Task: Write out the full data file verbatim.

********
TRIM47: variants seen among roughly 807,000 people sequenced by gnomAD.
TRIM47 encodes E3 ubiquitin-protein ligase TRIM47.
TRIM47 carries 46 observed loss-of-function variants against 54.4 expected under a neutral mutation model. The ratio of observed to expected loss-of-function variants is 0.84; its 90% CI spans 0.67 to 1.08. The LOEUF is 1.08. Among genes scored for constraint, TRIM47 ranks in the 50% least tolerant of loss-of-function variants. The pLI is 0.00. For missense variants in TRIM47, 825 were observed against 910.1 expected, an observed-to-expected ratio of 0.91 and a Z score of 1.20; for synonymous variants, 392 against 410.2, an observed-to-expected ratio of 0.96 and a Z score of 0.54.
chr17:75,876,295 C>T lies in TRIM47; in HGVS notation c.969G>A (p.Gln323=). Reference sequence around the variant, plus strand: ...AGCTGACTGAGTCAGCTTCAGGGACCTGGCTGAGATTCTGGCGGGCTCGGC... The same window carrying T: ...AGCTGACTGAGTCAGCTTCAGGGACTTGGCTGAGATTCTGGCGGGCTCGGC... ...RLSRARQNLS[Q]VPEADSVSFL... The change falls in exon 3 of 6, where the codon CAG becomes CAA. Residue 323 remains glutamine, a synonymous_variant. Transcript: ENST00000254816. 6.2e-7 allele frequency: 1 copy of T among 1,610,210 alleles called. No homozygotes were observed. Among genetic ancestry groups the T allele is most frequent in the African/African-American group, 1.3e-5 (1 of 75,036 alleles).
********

TRIM47: variants seen among roughly 807,000 people sequenced by gnomAD.
TRIM47 encodes E3 ubiquitin-protein ligase TRIM47.
TRIM47 carries 46 observed loss-of-function variants against 54.4 expected under a neutral mutation model. The ratio of observed to expected loss-of-function variants is 0.84; its 90% CI spans 0.67 to 1.08. The LOEUF is 1.08. Among genes scored for constraint, TRIM47 ranks in the 50% least tolerant of loss-of-function variants. The pLI is 0.00. For missense variants in TRIM47, 825 were observed against 910.1 expected, an observed-to-expected ratio of 0.91 and a Z score of 1.20; for synonymous variants, 392 against 410.2, an observed-to-expected ratio of 0.96 and a Z score of 0.54.
chr17:75,876,295 C>T lies in TRIM47; in HGVS notation c.969G>A (p.Gln323=). Reference sequence around the variant, plus strand: ...AGCTGACTGAGTCAGCTTCAGGGACCTGGCTGAGATTCTGGCGGGCTCGGC... The same window carrying T: ...AGCTGACTGAGTCAGCTTCAGGGACTTGGCTGAGATTCTGGCGGGCTCGGC... ...RLSRARQNLS[Q]VPEADSVSFL... The change falls in exon 3 of 6, where the codon CAG becomes CAA. Residue 323 remains glutamine, a synonymous_variant. Transcript: ENST00000254816. 6.2e-7 allele frequency: 1 copy of T among 1,610,210 alleles called. No homozygotes were observed. Among genetic ancestry groups the T allele is most frequent in the African/African-American group, 1.3e-5 (1 of 75,036 alleles).